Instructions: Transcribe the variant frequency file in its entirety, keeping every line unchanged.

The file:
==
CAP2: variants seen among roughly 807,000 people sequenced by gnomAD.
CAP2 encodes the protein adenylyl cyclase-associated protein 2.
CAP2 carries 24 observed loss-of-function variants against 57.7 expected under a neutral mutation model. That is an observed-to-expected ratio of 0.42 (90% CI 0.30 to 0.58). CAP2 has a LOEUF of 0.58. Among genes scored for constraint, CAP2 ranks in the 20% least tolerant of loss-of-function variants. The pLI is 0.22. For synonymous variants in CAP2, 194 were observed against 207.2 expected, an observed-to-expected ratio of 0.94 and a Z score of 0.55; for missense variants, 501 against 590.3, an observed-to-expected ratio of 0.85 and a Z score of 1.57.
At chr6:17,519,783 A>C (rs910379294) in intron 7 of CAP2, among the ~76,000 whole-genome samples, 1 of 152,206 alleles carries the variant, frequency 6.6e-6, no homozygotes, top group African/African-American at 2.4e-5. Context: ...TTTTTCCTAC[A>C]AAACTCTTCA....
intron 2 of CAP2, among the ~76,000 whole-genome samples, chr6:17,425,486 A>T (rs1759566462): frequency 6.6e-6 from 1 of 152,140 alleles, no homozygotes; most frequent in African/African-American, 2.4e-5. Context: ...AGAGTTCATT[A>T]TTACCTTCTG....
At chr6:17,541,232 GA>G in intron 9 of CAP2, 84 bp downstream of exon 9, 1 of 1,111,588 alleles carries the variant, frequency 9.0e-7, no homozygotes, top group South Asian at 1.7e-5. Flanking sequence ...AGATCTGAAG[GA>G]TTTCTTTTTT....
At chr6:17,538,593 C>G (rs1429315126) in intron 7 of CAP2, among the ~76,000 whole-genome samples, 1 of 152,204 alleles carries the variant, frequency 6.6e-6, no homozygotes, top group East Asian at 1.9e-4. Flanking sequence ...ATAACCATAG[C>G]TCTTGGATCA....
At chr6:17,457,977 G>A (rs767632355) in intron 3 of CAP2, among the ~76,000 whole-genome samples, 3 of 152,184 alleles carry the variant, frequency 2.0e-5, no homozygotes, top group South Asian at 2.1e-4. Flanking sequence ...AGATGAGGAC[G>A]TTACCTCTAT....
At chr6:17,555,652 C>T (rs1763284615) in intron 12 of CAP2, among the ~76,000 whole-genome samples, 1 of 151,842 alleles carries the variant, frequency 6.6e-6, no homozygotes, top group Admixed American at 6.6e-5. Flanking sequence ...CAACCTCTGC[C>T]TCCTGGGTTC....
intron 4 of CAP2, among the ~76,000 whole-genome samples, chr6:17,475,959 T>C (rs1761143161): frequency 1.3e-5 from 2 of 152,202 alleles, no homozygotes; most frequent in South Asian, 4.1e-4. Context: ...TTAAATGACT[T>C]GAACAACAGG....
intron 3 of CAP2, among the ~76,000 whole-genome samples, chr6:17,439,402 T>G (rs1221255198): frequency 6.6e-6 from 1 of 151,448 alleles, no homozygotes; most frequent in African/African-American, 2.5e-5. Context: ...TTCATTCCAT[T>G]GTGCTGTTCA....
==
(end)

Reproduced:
CAP2: variants seen among roughly 807,000 people sequenced by gnomAD.
CAP2 encodes the protein adenylyl cyclase-associated protein 2.
CAP2 carries 24 observed loss-of-function variants against 57.7 expected under a neutral mutation model. That is an observed-to-expected ratio of 0.42 (90% CI 0.30 to 0.58). CAP2 has a LOEUF of 0.58. Among genes scored for constraint, CAP2 ranks in the 20% least tolerant of loss-of-function variants. The pLI is 0.22. For synonymous variants in CAP2, 194 were observed against 207.2 expected, an observed-to-expected ratio of 0.94 and a Z score of 0.55; for missense variants, 501 against 590.3, an observed-to-expected ratio of 0.85 and a Z score of 1.57.
At chr6:17,519,783 A>C (rs910379294) in intron 7 of CAP2, among the ~76,000 whole-genome samples, 1 of 152,206 alleles carries the variant, frequency 6.6e-6, no homozygotes, top group African/African-American at 2.4e-5. Context: ...TTTTTCCTAC[A>C]AAACTCTTCA....
intron 2 of CAP2, among the ~76,000 whole-genome samples, chr6:17,425,486 A>T (rs1759566462): frequency 6.6e-6 from 1 of 152,140 alleles, no homozygotes; most frequent in African/African-American, 2.4e-5. Context: ...AGAGTTCATT[A>T]TTACCTTCTG....
At chr6:17,541,232 GA>G in intron 9 of CAP2, 84 bp downstream of exon 9, 1 of 1,111,588 alleles carries the variant, frequency 9.0e-7, no homozygotes, top group South Asian at 1.7e-5. Flanking sequence ...AGATCTGAAG[GA>G]TTTCTTTTTT....
At chr6:17,538,593 C>G (rs1429315126) in intron 7 of CAP2, among the ~76,000 whole-genome samples, 1 of 152,204 alleles carries the variant, frequency 6.6e-6, no homozygotes, top group East Asian at 1.9e-4. Flanking sequence ...ATAACCATAG[C>G]TCTTGGATCA....
At chr6:17,457,977 G>A (rs767632355) in intron 3 of CAP2, among the ~76,000 whole-genome samples, 3 of 152,184 alleles carry the variant, frequency 2.0e-5, no homozygotes, top group South Asian at 2.1e-4. Flanking sequence ...AGATGAGGAC[G>A]TTACCTCTAT....
At chr6:17,555,652 C>T (rs1763284615) in intron 12 of CAP2, among the ~76,000 whole-genome samples, 1 of 151,842 alleles carries the variant, frequency 6.6e-6, no homozygotes, top group Admixed American at 6.6e-5. Flanking sequence ...CAACCTCTGC[C>T]TCCTGGGTTC....
intron 4 of CAP2, among the ~76,000 whole-genome samples, chr6:17,475,959 T>C (rs1761143161): frequency 1.3e-5 from 2 of 152,202 alleles, no homozygotes; most frequent in South Asian, 4.1e-4. Context: ...TTAAATGACT[T>C]GAACAACAGG....
intron 3 of CAP2, among the ~76,000 whole-genome samples, chr6:17,439,402 T>G (rs1221255198): frequency 6.6e-6 from 1 of 151,448 alleles, no homozygotes; most frequent in African/African-American, 2.5e-5. Context: ...TTCATTCCAT[T>G]GTGCTGTTCA....